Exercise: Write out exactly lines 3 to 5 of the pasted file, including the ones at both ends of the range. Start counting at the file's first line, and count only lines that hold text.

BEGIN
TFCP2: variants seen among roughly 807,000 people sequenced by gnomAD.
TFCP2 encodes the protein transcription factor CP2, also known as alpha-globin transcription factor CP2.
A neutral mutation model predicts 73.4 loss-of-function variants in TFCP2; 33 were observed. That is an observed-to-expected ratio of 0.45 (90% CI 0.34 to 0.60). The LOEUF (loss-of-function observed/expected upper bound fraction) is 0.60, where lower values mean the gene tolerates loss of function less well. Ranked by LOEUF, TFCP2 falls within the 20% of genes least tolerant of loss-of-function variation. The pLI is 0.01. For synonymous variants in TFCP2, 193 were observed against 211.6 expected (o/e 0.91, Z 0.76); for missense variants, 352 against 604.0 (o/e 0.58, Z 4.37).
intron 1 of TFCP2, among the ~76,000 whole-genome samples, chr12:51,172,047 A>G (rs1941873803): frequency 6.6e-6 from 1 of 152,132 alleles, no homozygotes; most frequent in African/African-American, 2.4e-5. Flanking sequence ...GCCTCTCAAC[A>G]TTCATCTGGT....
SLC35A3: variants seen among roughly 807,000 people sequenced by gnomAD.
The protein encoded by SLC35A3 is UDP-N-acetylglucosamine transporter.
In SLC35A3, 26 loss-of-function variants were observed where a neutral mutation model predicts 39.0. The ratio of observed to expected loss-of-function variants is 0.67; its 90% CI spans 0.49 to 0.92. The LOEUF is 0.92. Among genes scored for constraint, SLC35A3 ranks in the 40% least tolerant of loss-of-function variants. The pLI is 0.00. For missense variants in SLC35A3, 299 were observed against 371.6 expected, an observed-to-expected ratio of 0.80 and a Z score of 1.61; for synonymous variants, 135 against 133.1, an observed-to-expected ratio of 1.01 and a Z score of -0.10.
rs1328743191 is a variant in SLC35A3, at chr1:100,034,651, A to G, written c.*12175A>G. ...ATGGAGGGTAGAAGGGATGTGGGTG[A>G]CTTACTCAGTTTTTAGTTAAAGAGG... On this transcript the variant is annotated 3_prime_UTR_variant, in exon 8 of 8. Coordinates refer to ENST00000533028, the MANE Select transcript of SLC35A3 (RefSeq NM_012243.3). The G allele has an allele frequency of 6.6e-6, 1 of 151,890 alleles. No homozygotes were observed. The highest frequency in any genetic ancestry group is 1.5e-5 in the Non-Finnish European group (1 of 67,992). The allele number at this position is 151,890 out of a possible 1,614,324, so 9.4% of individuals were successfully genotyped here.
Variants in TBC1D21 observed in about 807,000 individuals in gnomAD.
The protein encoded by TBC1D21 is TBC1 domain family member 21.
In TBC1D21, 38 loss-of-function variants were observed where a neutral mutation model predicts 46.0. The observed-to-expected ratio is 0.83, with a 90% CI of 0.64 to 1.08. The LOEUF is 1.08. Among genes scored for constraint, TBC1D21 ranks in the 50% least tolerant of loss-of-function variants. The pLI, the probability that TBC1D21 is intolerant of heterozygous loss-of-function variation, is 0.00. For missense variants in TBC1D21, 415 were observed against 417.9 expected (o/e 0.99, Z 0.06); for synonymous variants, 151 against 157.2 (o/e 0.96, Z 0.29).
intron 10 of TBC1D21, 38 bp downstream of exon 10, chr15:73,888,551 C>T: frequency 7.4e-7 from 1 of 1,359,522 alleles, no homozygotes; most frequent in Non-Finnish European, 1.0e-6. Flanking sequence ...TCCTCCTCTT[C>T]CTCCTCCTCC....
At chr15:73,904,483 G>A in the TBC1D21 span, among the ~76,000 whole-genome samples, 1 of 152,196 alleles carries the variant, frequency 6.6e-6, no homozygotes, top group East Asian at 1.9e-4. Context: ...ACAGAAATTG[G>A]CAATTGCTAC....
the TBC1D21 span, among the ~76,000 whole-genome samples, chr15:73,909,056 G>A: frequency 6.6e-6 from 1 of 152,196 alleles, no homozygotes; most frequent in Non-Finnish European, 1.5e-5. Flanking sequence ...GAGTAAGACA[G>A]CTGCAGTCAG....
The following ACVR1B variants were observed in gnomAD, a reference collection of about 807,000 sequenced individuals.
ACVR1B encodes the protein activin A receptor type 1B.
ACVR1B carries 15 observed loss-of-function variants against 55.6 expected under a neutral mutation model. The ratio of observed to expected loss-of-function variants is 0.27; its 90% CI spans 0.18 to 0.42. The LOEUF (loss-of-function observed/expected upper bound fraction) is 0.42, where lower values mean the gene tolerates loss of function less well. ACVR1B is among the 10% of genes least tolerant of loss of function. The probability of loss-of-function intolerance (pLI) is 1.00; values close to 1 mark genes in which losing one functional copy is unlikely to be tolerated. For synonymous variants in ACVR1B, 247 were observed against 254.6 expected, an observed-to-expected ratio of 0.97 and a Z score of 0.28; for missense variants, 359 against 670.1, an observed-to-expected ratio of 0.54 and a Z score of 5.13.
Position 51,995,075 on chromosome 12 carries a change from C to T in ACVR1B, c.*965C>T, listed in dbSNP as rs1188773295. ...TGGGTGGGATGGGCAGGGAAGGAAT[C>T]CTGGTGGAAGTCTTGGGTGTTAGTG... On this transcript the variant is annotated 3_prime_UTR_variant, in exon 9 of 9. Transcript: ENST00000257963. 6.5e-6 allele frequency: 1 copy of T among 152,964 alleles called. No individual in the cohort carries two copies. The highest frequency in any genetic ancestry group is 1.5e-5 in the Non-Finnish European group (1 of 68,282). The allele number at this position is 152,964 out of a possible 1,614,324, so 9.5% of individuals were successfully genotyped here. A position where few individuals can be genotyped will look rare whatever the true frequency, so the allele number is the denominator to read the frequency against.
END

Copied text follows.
A neutral mutation model predicts 73.4 loss-of-function variants in TFCP2; 33 were observed. That is an observed-to-expected ratio of 0.45 (90% CI 0.34 to 0.60). The LOEUF (loss-of-function observed/expected upper bound fraction) is 0.60, where lower values mean the gene tolerates loss of function less well. Ranked by LOEUF, TFCP2 falls within the 20% of genes least tolerant of loss-of-function variation. The pLI is 0.01. For synonymous variants in TFCP2, 193 were observed against 211.6 expected (o/e 0.91, Z 0.76); for missense variants, 352 against 604.0 (o/e 0.58, Z 4.37).
intron 1 of TFCP2, among the ~76,000 whole-genome samples, chr12:51,172,047 A>G (rs1941873803): frequency 6.6e-6 from 1 of 152,132 alleles, no homozygotes; most frequent in African/African-American, 2.4e-5. Flanking sequence ...GCCTCTCAAC[A>G]TTCATCTGGT....
SLC35A3: variants seen among roughly 807,000 people sequenced by gnomAD.